1. SLOC is used here as the best available metric across DoD programs for estimating the required software development and maintenance effort. 2. United States Government Accountability Office, “Joint Strike Fighter: Restructuring Places Program on Firmer Footing, but Progress Still Lags.” GAO-11-325, April 2011; p. 29-31, . 3. United States Government Accountability Office, “Joint Strike Fighter: DOD Actions Needed to Further Enhance Restructuring and Address Affordability Risks.” GAO-12-437, June 2012; p. 18-20, . 4. Starosta, G. “AFSAB Urges Strategic Shift In Air Force’s Long-Term Sustainment Plans.” InsideDefense.com, June 2012; . 5. Modularity is the degree to which a system is made up of independent units that can be combined into a larger application. 6. Jones, C. Applied Software Measurement, McGraw-Hill, 2008, Table 3-1, p. 189. 7. Stark, G. (2011). “A Comparison of Parametric Software Estimation Models Using Real Project Data.” CrossTalk – The Journal of Defense Software Engineering. January 2011. 8. Boehm, B. (1981). Software Engineering Econo mics. Englewood Cliffs, N.J., Prentice Hall. 9. Boehm, B. (2006). “Minimizing Future Guesswork in Estimating,” IBM Conference on Estimation, Atlanta, GA, Feb. 2006. 10. Jones, C. (2007). “Software Estimating Rules-of-Thumb,” , Mar. 2007. 11. Jones, C. (1997). Applied Software Measurement, 2nd Ed., McGraw-Hill, NY. 12. Rone, K. et al. (1994). “The Matrix Method of Software Project Estimation”, proceedings of the Dual-Use Space Technology Conference, NASA Johnson Space Center, Houston, TX, Feb. 13. J.W. Bailey and V.R. Basili. “A Meta-Model for Software Development and Resource Expenditures,” Proceedings of the 5th International Conference on Software Engineering. New York: Institute of Electrical and Electronic Engineers, 1983. 14. ISBSG, International Software Benchmarking Standards Group, . 15. ISBSG, International Software Benchmarking Standards Group, . 16. McConnell, S. (2006). Software Estimation: Demystifying the Black Art, Redmond, WA, Microsoft Press. 17. International Function Point User’s Group (IFPUG), Function Point Counting Manual, Release 3.1, 1990. 18. Jones, C., “Achieving Excellence in Software Engineering,” presentation to IBM Software Engineering Group, March, 2006. 19. P. Oman, “Automated Software Quality Models in Industry,” Proceedings of the Eighth Annual Oregon Workshop on Software Metrics (May 11-13, Coeur d’Alene, ID), 1997. 20. G. Atkinson, J. Hagemeister, P. Oman & A. Baburaj, “Directing Software Development Projects with Product Measures,” Proceedings of the Fifth International Software Metrics Symposium (Nov. 20-21, Bethesda, MD), IEEE CS Press, Los Alamitos, CA, 1998, pp. 193-204. 21. T. Pearse, T. Freeman, & P. Oman, “Using Metrics to Manage the End-Game of a Software Project,” Proceedings of the Sixth International Software Metrics Symposium (Nov. 4-6, Boca Raton, FL), IEEE CS Press, Los Alamitos, CA, 1999, pp. 207-215. 22. Kemerer, C. F. (1987), “An empirical validation of software cost estimation models,” Communications of the ACM, Vol 30, No 5, pp. 416-429. 23. Jorgensen, M., and Sheppard, M. (2007), “A Systematic Review of Software Development Cost Estimation Studies,” IEEE Transactions on Software Engineering, Vol 33, No 1, Jan. pp 33-53. 24. Fenton N. E., and Pfleeger, S. L. (1997), Software Metrics: A Rigorous & Practical Approach, 2nd Ed., London, PWS Publishing. 25. Jorgensen, M. (2004), “A Review of Studies on Expert Estimation of Software Development Effort,” Journal of Systems & Software, Vol 70, No. 1-2, pp. 37-60. 26. Lucero, Scott. “Software Sustainment Challenges in Defense Acquisition.” Office of the Deputy Undersecretary of Defense: Acquisition and Technology. April 2009. p. 3. Accessed 30 May 2012. . 27. Carter, Ash. “Memorandum for Acquisition Professionals,” Office of the Undersecretary of Defense: Acquisition, Technology, and Logistics. 14 September 2010, p. 1. 28. For more on how should-cost analysis can improve affordability, see “Should-cost Review: A Pragmatic Approach to Affordability,” at . 29. United States Code, Title 10, Chapter 146, Section 2464, “Armed Forces: Core Logistics Capabilities,” p. 1447, . 30. Schroeder, Brian. “76th SMXG – More than just code writers,” Office of Public Affairs: Tinker Air Force Base. 15 August, 2011. . 31. 309th Software Maintenance Group. “Software and Hardware Engineering Solutions!” Ogden Air Logistics Center: Hill Air Force Base. Accessed 30 May, 2012. .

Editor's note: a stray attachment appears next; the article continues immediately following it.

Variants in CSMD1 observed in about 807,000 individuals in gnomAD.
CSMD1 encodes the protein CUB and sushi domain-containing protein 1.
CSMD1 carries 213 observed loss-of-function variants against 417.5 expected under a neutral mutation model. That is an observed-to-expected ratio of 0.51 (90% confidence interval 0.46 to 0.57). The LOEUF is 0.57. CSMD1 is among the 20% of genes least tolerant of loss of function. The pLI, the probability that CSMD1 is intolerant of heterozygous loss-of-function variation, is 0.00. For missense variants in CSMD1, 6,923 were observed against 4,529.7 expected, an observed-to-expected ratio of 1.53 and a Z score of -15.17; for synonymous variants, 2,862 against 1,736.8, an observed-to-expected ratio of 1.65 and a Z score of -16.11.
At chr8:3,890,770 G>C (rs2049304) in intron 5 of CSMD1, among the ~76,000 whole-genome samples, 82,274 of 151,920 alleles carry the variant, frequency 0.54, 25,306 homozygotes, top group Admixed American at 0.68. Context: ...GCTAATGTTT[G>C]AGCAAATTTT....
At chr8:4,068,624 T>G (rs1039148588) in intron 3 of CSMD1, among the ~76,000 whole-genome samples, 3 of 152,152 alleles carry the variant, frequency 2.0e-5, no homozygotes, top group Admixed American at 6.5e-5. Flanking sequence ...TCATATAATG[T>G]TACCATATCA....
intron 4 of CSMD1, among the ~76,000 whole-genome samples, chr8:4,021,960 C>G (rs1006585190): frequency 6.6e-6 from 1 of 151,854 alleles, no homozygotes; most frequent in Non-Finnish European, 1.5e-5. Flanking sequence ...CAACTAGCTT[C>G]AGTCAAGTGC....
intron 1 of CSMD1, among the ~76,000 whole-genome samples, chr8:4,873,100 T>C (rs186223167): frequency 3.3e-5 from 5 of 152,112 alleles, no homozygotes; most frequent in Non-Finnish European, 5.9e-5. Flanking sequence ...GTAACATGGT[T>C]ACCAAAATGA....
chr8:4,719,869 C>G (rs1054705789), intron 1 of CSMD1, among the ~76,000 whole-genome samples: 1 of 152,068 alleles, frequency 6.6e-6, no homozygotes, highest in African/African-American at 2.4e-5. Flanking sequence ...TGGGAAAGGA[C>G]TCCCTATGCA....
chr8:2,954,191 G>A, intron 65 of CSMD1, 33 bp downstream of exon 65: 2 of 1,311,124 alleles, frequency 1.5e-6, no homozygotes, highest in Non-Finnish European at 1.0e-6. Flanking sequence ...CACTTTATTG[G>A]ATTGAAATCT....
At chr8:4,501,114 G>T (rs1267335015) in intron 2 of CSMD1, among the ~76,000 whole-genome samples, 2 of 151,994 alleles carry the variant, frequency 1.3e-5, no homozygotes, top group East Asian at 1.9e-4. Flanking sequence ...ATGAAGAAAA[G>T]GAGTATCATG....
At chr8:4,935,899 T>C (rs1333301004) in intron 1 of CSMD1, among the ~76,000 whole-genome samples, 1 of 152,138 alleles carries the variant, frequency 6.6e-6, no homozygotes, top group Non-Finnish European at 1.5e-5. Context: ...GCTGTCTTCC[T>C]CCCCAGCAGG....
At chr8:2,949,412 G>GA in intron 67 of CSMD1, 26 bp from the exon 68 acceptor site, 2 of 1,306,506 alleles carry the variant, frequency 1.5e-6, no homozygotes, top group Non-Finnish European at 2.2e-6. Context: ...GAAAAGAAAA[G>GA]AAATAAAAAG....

Christian Hagen